Organic food doesn't reduce women's chances of developing cancer
The risk of developing cancer is the same among women who eat organic food and those who don't, concludes a study from the University of Oxford in the U.K.
While the definition of "organic" can vary from country to country, it generally refers to food produced without the use of synthetic pesticides or chemical fertilizers.
Scientists collected data on more than 600,000 middle-aged women for almost a decade, including information on their diet and the number of participants who developed 16 specific types of cancer. Approximately 180,000 women reported never having eaten organic food over the course of the study, compared with about 45,000 women who said they always or usually ate organic food. Researchers said they found no difference in overall cancer risk between the two groups.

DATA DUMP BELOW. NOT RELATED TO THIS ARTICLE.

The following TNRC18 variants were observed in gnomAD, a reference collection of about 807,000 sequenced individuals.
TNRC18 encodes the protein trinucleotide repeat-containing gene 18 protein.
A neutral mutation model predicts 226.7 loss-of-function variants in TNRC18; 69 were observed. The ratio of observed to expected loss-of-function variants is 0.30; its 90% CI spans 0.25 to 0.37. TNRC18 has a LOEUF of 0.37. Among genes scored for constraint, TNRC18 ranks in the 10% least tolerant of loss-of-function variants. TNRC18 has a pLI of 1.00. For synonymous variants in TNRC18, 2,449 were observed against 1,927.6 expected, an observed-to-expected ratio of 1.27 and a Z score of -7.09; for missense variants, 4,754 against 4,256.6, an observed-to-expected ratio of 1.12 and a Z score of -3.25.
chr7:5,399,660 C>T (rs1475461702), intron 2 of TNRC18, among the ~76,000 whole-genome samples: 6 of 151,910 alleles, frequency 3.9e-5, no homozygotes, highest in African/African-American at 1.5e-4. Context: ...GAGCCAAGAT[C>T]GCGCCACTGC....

The researchers then looked for discrepancies between the two groups when it came to the 16 specific types of cancer under study. They found that the women who reported always or usually having eaten organic food had a slightly higher risk of breast cancer and a slightly lower risk of lymphoma; the risk, however, could have been influenced by other factors or simply by chance, researchers said.
The study’s findings, published in the British Journal of Cancer, suggest that eating a healthy diet—including enough fruit and vegetables—is what’s important, not whether the produce is organically-grown or otherwise.